I’m Excited About AMD Strix Halo APUs

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The rumors seem too good to be true...

Story Highlight
  • AMD’s next-generation mobile APUs seem too good to be true.
  • AMD Strix Point CPUs are an incremental upgrade over the current mobile lineup.
  • The Strix Halo APUs have monstrous iGPUs and can compete with dedicated GPUs.

Although AMD has been releasing laptop CPUs for quite a while now, they have not been able to claw back much of Intel’s market share in this category. AMD’s laptop CPUs have been adequate in terms of performance, but they do lack in certain aspects, such as efficiency, scalability, and integrated graphics.

Fortunately, that all seems to be changing in the near future.

AMD Strix Point and Strix Halo

AMD has been using two designs for its desktop and laptop CPUs, namely Dragon Range and Phoenix Point. These two represent distinctly different design approaches for processors, as the former is a chiplet-based design while the latter uses a monolithic die.

With the upcoming AMD Strix design, it looks like AMD is introducing another mobile series that will bridge the gap between its desktop and laptop parts for the Zen 5 generation. Strix Point is rumoured to be a monolithic design for next-gen laptops, while AMD Strix Halo is a chipset-based APU design for high-end laptops and integrated machines.

Chiplet-based design

Out of the two, the Strix Point CPUs are a little more straightforward and can be thought of as an incremental upgrade over current Ryzen laptop CPUs. However, the Strix Halo series is where things really get interesting.

AMD Strix Halo APUs – What Are They?

According to leaks, the AMD Strix Halo APUs represent the pinnacle of the next generation of AMD’s mobile offerings, and AMD seems to have doubled down on the graphics side of things for this series. The rumored flagship processor is thought to be a chiplet-based design with 16 Zen 5 cores as well as 32 threads, which is already a very healthy configuration. However, the fun only begins here.

Allegedly, AMD has only gone and slapped a 40 CU RDNA 3.5 GPU onto the CPU die, which also includes 32MB of Infinity Cache. This is a massive GPU for an integrated design and would hypothetically be twice as powerful as a Radeon RX 6750 XT, which is already a pretty respectable mid-range GPU. Estimates suggest the theoretical performance of a GeForce RTX 4060 in gaming applications as well.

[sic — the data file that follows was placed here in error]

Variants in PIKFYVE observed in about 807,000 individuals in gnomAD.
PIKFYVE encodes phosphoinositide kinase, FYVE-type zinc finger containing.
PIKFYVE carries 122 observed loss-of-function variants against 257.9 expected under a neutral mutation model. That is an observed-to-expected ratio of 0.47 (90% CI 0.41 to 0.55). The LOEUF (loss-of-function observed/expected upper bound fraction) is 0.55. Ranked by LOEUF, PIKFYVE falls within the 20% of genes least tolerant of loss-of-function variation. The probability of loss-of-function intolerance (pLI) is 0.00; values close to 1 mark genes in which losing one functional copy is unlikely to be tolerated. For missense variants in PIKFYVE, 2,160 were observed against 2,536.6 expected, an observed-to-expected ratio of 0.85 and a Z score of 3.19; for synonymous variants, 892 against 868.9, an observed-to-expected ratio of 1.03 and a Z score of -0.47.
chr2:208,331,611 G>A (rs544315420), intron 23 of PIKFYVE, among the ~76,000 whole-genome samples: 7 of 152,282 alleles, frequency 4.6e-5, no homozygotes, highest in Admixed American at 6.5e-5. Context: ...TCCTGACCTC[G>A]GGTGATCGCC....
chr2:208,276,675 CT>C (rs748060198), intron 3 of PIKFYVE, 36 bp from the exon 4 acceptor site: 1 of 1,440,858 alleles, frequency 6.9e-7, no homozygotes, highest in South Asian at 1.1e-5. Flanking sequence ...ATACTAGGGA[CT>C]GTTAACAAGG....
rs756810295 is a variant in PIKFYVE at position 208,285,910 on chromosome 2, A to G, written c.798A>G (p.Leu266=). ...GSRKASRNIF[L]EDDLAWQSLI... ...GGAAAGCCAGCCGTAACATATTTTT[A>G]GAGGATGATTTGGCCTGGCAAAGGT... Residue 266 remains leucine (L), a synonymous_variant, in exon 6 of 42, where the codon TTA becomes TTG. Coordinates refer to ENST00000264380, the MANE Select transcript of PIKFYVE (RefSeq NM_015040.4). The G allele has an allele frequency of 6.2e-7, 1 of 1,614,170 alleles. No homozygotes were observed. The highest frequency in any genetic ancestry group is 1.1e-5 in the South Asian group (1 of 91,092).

AMD Strix Halo Leak – Source: Moore’s Law Is Dead

Moreover, this would be the first time that we see an Infinity Cache on an iGPU. AMD is allegedly using an LPDDR5X bus, which is 256-bit wide and is quite enormous for an integrated GPU. Feeding such a powerful GPU is a demanding task, which is why AMD is expected to use blazing-fast 8.5 GT/s LPDDR5X memory for this setup.

What Can We Expect?

AMD’s shifting focus to high-end integrated APUs reflects a growing trend in the industry. We have already seen the impact of Apple’s M Silicon, which is another example of an integrated CPU that maximizes efficiency. AMD’s approach is different, but there are certain similarities as well, which point towards that trend.

The integrated Apple M2 Ultra chip.

It is quite surprising to see such a concentrated effort being put into APUs from a company that did not offer iGPUs on any of its Ryzen desktop CPUs until about a year ago, but that’s beside the point. One look at the integrated hardware of the PlayStation 5 or Xbox Series consoles, and you will realize how impressive AMD’s custom solutions can be.

The Strix Halo APUs are not just incremental upgrades over the previous AMD Ryzen laptop processors, they are set to change the game entirely. The leaks suggest that this design will be scalable all the way down to a 6-core processor mated to a 20CU GPU, which is more than enough graphics power for mid-range gaming as of the time of writing.

Expected configuration of AMD Strix Halo APU – Source: @Olrak_29

This means that, in the face of declining gaming revenue, AMD has found a new pathway that can help it gain some traction in that market category again.

More Questions Than Answers – For Now

With an APU as powerful as the one being rumored, can you eliminate the need for a dedicated GPU altogether? How good will this integrated GPU be in productivity tasks? What will the thermal demands be like?

Of course, these are all questions that are yet to be answered. The logical next step for AMD is to develop a desktop APU using this platform that can blow the doors off of most budget GPUs on the market today. But can the current technology do that? And even if it can, will AMD willingly want to compete with its own Radeon division? We shall see.

One thing is for certain. Apple has set a snowball rolling with its M Silicon, and the PC industry needs to catch up quickly.

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